Apr 19, 2019

The Blankety Blank Problem with your Real Estate Contract

When you review contracts every day, spotting mistakes can become routine. The number one mistake that most escrow officers see on real estate contracts involves blank spaces. To be clear – contracts should always be filled in completely. There should be nothing left blank. 
I’m referring to the standard Texas Real Estate Commission (TREC) contract. Ninety-nine percent of real estate contracts received by title agencies are written on one of the standard TREC contracts. These are created by TREC for use in real property transactions in our state. They are frequently reviewed and are updated every few years based on feedback, requests, and legal issues.
There is a valid reason for each paragraph and blank space on these contracts. There are dozens of blank spaces on the most popular TREC contract. They all should have something on them. Some paragraphs have an option to choose from two or more boxes to check. One of the choices should be selected.
Yet, we see smart people submit final contracts that leave too much ambiguity because they are not fully completed. Obviously, most folks ensure the contract contains the proper names, address, sales price, who is paying for what, etc. But often they leave some parts of the contract incomplete.
How do we know the intention of all parties when a space is left blank? Perhaps the blank space means zero dollars. Then it should have a zero written. Or maybe it is not applicable? It should show N/A. Maybe it was accidentally missed? Or was it intentionally ignored? Even dashes in the space helps us see that the parties didn’t intend to mean something else.
If a space is blank because buyer and seller are still negotiating, then the contract should not be executed yet. Once it is executed, any changes must be made with an addendum. Changes are not allowed on the finalized contract once it is executed.
The riskiest and most overlooked blank spaces typically found on contracts include:
Paragraph 2D: Exclusions. If there are no exclusions, then write None. Plenty of disputes arise when a seller takes an item (like a favorite light fixture) and forgot to note it in the contract.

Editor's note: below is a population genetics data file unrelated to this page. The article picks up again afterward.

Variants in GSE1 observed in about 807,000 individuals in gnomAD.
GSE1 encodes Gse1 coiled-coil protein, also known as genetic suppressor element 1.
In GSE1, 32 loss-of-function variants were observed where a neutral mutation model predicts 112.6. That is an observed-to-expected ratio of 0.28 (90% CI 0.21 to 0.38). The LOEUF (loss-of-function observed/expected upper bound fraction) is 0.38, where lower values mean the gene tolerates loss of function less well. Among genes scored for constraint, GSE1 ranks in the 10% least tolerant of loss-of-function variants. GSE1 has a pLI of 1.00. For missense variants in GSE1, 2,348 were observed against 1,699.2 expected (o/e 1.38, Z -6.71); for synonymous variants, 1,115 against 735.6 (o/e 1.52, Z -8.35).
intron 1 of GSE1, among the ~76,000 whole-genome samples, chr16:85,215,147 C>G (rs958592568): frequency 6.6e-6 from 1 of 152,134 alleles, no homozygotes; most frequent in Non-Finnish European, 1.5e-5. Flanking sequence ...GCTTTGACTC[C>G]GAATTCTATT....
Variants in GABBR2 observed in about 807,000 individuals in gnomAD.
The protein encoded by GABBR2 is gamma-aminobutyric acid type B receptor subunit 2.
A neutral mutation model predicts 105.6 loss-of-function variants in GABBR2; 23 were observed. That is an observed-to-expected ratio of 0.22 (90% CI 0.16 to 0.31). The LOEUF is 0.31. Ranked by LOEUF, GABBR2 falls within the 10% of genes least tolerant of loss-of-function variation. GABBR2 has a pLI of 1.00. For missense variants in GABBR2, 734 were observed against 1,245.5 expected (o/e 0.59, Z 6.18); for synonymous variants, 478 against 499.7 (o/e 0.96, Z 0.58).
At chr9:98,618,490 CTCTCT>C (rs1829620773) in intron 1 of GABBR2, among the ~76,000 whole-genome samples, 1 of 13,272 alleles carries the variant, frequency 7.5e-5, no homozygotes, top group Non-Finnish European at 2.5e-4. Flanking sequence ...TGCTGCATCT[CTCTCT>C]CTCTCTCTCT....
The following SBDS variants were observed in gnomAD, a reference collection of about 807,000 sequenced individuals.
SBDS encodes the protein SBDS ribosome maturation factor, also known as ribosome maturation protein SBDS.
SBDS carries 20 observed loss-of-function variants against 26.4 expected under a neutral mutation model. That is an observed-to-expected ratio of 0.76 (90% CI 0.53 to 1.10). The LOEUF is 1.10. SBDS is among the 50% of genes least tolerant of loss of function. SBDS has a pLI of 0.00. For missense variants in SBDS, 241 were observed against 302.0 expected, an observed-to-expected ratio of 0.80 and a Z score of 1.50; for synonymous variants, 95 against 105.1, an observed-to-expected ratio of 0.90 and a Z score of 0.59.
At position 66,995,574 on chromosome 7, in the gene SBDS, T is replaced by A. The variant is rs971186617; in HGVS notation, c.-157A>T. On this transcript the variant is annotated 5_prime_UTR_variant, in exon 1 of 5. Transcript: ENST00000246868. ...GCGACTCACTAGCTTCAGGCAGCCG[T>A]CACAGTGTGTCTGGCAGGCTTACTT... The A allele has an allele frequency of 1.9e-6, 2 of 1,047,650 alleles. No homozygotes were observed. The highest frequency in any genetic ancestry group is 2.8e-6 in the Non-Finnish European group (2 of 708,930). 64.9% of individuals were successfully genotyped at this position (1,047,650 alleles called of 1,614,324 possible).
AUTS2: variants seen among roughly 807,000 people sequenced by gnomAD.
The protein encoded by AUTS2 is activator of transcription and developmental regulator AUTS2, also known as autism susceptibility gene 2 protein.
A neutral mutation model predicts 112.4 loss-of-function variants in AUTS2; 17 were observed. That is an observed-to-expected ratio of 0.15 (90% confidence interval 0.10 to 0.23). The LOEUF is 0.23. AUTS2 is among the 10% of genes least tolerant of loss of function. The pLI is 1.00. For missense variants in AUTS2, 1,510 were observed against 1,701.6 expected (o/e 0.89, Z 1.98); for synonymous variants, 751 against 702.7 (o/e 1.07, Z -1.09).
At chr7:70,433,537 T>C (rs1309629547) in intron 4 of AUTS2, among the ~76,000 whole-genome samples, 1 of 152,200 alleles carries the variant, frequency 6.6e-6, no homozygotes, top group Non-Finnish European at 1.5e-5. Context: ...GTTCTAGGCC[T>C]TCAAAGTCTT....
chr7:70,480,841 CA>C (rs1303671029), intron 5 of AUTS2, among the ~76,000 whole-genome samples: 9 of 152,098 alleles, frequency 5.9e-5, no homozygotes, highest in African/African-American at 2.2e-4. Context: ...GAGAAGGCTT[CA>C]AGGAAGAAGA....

Paragraph 6A(8): There are 2 boxes regarding survey coverage and one of them should be checked. Who is paying for the survey coverage should also be documented.
Paragraph 6C: Who will provide the survey, when will they provide it and who will pay for it if a new one is needed.
Paragraph 6D: Put a number in the blank for number of days that the buyer has to object to title or survey issues. Most folks don’t think this blank really matters – until it really does.
Paragraph 7H: Will the seller be purchasing a home warranty for the buyer? If not, put zero in this blank. If so, fill in an amount they are willing to pay.
Paragraph 12A(1): If the seller is paying any of the buyer’s closing costs, fill in the amount. Otherwise make it zero.
Paragraph 21: Please, please, please fill in the buyer and seller contact information. Without it, we have no way of contacting these people and there is no way to given them notices, documents, etc. The title company can attempt to track people down. But they may not receive crucial information in a timely manner if we have no way to reach them. Leaving this space blank can drive title agents to swear.
Fill in the blanks to avoid turning your document into a blankety blank contract.
The opinions expressed are of the individual author for informational purposes only and not for the purpose of providing legal advice. Contact an attorney to obtain advice for any particular issue or problem. [where: 75230]

Apr 15, 2019

Voice of the Title Agent Survey

The “2019 Voice of the Title Agent” is hot off the presses from The Title Report. This annual survey gives an idea of how folks in the title business are doing and their outlook for the coming year. The study covers a variety of topics related to the state of the title industry.

When questioned about business in the coming year, most title agents surveyed were optimistic about the future. More than 56 percent are anticipating some level of growth in 2019. However, they aren’t as expectant as they’ve been over the past few years. Last year, more than 66 percent of title agents anticipated growth. While the majority of agents are expecting growth, the number who feel their business will drop or remain flat continues to increase.